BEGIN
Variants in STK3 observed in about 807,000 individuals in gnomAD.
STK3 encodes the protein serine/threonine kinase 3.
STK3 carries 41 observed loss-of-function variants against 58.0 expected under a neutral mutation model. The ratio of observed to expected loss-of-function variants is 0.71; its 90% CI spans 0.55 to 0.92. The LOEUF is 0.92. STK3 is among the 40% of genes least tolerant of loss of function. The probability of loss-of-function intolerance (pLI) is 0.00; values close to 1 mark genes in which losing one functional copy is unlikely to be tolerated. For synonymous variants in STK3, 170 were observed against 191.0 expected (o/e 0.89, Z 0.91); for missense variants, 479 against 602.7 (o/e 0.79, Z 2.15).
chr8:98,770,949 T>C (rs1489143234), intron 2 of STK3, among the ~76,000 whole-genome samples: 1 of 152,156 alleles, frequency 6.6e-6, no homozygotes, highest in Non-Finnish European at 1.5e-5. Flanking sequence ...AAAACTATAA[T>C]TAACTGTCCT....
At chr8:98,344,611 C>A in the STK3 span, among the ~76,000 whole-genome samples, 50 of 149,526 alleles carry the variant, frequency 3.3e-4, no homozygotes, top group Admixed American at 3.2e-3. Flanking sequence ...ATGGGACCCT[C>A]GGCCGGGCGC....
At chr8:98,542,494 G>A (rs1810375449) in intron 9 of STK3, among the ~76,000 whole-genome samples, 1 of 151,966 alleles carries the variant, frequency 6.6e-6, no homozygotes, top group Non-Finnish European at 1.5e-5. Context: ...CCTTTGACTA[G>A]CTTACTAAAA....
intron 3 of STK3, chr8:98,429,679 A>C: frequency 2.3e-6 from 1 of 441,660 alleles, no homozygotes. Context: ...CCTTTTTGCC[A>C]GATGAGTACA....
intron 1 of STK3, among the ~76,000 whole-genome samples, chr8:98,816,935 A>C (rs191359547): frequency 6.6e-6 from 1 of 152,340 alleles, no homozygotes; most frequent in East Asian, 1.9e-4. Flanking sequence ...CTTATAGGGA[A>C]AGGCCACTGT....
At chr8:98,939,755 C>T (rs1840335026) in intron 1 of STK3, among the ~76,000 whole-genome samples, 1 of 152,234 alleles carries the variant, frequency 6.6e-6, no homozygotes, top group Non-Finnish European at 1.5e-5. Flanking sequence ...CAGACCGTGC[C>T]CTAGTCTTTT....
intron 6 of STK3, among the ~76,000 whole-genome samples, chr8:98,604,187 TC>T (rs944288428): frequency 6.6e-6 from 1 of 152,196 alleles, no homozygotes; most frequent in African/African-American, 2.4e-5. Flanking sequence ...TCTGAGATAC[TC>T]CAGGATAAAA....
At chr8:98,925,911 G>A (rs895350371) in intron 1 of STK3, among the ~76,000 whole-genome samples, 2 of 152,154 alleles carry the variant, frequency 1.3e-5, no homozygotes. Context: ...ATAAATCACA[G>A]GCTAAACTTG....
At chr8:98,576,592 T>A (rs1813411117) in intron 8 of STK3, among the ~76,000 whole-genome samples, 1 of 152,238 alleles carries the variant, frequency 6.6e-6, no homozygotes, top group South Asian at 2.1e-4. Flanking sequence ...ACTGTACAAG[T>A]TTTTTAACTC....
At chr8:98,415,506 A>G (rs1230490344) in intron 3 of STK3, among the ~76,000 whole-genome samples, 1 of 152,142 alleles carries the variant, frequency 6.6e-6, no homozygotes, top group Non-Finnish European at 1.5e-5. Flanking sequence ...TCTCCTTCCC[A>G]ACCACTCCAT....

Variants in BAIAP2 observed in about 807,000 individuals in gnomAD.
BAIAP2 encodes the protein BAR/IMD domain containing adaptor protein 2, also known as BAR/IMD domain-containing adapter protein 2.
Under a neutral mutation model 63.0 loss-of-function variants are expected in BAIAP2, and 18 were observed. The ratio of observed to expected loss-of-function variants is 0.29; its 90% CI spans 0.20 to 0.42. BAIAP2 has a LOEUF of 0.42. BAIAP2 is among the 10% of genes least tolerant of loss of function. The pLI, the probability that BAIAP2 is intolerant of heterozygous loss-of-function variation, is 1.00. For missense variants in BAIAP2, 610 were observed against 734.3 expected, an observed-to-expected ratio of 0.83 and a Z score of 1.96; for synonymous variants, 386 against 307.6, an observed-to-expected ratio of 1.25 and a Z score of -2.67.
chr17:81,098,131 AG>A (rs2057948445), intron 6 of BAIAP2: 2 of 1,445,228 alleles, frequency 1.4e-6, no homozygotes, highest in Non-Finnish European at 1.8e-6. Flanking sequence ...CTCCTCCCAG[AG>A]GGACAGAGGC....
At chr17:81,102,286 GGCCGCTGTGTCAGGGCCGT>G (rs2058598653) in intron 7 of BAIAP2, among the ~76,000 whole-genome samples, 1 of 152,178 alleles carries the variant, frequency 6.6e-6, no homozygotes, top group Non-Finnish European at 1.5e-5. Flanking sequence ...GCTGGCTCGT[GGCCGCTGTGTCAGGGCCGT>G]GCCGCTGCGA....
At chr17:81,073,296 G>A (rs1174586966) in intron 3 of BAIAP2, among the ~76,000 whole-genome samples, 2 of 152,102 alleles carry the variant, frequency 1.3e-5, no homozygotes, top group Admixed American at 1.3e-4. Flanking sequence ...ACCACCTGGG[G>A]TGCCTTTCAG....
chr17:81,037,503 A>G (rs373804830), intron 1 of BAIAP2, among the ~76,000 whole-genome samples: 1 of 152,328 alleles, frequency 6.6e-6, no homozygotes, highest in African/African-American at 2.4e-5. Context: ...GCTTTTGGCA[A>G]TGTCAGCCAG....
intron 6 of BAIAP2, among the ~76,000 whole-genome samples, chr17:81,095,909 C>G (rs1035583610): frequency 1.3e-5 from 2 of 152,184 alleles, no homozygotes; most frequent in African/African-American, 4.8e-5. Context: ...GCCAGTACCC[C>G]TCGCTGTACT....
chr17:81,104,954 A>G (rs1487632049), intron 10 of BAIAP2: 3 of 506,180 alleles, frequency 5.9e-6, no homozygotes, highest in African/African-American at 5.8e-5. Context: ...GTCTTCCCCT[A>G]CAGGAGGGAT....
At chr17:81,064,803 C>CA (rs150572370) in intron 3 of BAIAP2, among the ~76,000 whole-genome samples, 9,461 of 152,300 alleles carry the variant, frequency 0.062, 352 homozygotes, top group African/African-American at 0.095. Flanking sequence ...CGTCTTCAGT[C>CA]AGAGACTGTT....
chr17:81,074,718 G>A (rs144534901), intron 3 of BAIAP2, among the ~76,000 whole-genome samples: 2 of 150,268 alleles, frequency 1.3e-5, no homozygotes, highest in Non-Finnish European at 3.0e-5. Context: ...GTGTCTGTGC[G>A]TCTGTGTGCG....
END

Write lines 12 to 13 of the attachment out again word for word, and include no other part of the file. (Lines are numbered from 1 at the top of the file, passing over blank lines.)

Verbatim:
At chr8:98,576,592 T>A (rs1813411117) in intron 8 of STK3, among the ~76,000 whole-genome samples, 1 of 152,238 alleles carries the variant, frequency 6.6e-6, no homozygotes, top group South Asian at 2.1e-4. Flanking sequence ...ACTGTACAAG[T>A]TTTTTAACTC....
At chr8:98,415,506 A>G (rs1230490344) in intron 3 of STK3, among the ~76,000 whole-genome samples, 1 of 152,142 alleles carries the variant, frequency 6.6e-6, no homozygotes, top group Non-Finnish European at 1.5e-5. Flanking sequence ...TCTCCTTCCC[A>G]ACCACTCCAT....